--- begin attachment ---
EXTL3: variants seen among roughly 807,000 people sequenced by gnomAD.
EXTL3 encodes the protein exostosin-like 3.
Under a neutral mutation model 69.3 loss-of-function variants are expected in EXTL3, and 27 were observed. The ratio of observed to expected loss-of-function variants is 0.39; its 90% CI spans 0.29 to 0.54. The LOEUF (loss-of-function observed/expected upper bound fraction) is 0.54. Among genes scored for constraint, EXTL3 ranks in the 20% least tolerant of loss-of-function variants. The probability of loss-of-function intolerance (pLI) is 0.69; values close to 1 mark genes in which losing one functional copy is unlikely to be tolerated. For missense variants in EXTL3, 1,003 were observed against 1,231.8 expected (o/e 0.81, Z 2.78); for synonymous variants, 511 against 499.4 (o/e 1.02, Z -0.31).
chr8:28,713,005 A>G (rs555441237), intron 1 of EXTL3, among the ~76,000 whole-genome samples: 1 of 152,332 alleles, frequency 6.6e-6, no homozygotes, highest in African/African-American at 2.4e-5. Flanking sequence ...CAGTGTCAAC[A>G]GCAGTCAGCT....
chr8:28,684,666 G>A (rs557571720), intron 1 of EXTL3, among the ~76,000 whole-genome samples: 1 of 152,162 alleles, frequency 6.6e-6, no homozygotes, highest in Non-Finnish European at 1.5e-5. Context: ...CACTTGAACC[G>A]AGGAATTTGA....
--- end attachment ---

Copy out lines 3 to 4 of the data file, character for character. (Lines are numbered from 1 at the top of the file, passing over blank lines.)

Under a neutral mutation model 69.3 loss-of-function variants are expected in EXTL3, and 27 were observed. The ratio of observed to expected loss-of-function variants is 0.39; its 90% CI spans 0.29 to 0.54. The LOEUF (loss-of-function observed/expected upper bound fraction) is 0.54. Among genes scored for constraint, EXTL3 ranks in the 20% least tolerant of loss-of-function variants. The probability of loss-of-function intolerance (pLI) is 0.69; values close to 1 mark genes in which losing one functional copy is unlikely to be tolerated. For missense variants in EXTL3, 1,003 were observed against 1,231.8 expected (o/e 0.81, Z 2.78); for synonymous variants, 511 against 499.4 (o/e 1.02, Z -0.31).
chr8:28,713,005 A>G (rs555441237), intron 1 of EXTL3, among the ~76,000 whole-genome samples: 1 of 152,332 alleles, frequency 6.6e-6, no homozygotes, highest in African/African-American at 2.4e-5. Flanking sequence ...CAGTGTCAAC[A>G]GCAGTCAGCT....